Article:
Over the summer I’ve been doing a lot of reading and not very much writing (not in this blog anyway — my day job still keeps me busy), so I’m now taking the time to sit down and update on the pages my nose has been stuck in.
‘The Devil’s Cup’ is Stewart Lee Allen’s journey into the history of coffee, from it’s beginnings in Ethiopia, through the Middle East and eventually filtering through Europe and the rest of the western world. I was sold on this author’s integrity when he travelled two hours from Harrar to Jiga-Jiga for a cup of coffee, even after warnings from locals not to go for fear for his life. Sounded extreme… and like something I would do.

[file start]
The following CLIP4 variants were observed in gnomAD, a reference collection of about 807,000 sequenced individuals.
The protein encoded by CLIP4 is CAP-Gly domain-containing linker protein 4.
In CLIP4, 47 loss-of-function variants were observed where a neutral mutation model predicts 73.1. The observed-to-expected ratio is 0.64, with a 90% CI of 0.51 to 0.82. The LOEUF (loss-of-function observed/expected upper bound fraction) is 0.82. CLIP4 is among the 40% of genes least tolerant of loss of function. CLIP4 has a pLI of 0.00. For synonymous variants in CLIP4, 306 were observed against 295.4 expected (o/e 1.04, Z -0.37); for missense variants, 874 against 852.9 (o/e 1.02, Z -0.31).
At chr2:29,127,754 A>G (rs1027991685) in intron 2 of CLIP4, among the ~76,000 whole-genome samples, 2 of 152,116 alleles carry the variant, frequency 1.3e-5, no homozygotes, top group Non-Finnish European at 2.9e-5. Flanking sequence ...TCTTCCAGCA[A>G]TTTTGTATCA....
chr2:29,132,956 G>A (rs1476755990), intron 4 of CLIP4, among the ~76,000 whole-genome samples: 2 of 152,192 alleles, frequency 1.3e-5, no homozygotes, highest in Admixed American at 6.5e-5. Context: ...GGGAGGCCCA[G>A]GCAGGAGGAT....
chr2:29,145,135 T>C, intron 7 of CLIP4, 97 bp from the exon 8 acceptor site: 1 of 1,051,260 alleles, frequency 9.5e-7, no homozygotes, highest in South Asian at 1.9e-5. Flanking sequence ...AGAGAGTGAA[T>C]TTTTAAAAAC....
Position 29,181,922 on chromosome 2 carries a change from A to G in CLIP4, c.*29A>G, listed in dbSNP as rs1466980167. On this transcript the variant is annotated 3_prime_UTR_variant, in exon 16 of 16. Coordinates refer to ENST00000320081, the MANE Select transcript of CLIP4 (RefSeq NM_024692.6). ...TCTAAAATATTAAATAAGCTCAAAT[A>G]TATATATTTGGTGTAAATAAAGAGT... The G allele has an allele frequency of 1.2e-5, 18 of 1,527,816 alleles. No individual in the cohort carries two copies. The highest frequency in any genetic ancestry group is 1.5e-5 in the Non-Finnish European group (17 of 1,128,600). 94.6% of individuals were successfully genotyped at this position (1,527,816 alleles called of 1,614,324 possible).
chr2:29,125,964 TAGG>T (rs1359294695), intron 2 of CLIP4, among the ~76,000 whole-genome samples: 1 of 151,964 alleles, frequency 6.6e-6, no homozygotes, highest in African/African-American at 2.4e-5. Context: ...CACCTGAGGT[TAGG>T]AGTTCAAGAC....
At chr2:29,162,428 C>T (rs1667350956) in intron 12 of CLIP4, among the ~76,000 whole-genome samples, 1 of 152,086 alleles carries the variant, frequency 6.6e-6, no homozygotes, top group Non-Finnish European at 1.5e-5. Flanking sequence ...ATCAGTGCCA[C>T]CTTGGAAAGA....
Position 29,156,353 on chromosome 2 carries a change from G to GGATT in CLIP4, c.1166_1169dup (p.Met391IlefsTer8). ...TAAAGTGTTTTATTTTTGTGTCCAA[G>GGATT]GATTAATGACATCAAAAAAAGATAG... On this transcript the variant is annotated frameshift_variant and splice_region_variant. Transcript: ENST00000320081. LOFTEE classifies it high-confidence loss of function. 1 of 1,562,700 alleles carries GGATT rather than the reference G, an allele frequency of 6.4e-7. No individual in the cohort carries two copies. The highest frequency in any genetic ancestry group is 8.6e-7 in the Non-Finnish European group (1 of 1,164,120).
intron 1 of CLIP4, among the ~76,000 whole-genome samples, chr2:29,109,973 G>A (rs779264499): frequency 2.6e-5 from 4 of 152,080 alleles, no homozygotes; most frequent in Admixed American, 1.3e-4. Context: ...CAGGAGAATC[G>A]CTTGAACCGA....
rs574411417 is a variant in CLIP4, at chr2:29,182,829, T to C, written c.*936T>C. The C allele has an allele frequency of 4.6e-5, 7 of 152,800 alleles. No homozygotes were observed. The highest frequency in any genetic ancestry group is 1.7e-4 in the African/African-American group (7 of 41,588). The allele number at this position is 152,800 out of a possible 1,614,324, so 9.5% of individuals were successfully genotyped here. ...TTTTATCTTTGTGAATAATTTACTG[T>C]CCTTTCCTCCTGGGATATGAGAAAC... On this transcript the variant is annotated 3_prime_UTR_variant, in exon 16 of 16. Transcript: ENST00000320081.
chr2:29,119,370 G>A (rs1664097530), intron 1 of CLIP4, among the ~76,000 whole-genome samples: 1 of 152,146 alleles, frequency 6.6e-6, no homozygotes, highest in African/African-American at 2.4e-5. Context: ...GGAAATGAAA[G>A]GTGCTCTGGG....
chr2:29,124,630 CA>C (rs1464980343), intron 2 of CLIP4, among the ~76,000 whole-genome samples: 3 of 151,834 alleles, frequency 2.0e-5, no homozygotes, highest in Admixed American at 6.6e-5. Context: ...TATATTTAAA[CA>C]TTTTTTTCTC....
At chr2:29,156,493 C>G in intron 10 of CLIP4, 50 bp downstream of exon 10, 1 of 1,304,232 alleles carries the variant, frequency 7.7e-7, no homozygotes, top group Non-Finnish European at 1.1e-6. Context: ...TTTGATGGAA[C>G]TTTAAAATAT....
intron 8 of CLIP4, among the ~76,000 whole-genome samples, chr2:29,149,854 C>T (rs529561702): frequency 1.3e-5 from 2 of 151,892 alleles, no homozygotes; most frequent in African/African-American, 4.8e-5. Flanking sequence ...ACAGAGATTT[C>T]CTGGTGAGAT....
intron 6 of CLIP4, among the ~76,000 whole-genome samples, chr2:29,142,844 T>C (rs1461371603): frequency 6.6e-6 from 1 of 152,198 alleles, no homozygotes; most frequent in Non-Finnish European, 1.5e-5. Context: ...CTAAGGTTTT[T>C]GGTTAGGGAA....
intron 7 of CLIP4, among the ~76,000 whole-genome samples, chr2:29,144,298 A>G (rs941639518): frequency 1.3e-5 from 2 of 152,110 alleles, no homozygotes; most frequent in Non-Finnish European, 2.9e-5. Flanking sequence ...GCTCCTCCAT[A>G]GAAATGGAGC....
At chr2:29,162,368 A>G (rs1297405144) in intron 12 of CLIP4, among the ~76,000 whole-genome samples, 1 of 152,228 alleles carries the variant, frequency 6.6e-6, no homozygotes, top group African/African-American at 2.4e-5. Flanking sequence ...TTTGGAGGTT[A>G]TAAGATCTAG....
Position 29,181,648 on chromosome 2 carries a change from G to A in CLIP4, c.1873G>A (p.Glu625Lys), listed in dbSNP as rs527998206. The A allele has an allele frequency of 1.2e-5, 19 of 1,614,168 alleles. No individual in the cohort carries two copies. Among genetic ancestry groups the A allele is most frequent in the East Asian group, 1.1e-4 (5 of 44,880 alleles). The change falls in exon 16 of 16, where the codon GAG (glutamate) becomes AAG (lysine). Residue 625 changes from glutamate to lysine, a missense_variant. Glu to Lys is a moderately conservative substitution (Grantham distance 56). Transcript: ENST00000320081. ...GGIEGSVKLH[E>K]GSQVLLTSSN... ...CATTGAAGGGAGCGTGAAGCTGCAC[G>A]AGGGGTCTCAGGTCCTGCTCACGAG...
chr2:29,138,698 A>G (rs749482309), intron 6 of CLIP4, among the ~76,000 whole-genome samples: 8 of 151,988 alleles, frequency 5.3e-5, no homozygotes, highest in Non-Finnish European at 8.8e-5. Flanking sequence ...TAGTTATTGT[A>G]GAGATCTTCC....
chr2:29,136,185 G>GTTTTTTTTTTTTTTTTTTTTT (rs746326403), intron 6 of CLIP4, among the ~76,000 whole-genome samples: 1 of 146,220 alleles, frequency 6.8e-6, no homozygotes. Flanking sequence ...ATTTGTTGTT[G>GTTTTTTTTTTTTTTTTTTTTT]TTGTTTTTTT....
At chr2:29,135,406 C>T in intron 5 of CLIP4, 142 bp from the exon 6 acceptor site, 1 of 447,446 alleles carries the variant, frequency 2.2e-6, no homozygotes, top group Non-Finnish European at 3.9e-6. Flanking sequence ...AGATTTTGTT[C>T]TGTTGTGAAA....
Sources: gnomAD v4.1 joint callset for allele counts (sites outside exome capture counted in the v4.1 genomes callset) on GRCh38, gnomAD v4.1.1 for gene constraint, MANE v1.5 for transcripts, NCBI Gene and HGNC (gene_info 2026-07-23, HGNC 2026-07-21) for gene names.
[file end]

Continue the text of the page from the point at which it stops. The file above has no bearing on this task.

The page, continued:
Admittedly, this wasn’t quite the page turner I was anticipating — I did struggle through many of the chapters which leant to boredom of Allen’s own personal journey on his travels to find out about coffee, however the history was interesting.
I think my favourite story was when he tells a story he heard about when the Ottoman’s ruled, ‘…a woman could get a divorce from her husband if he failed to provide her with enough coffee beans for her needs.’
This, of course, was the part I choose to read out to the man in my life — I don’t think he bought it though.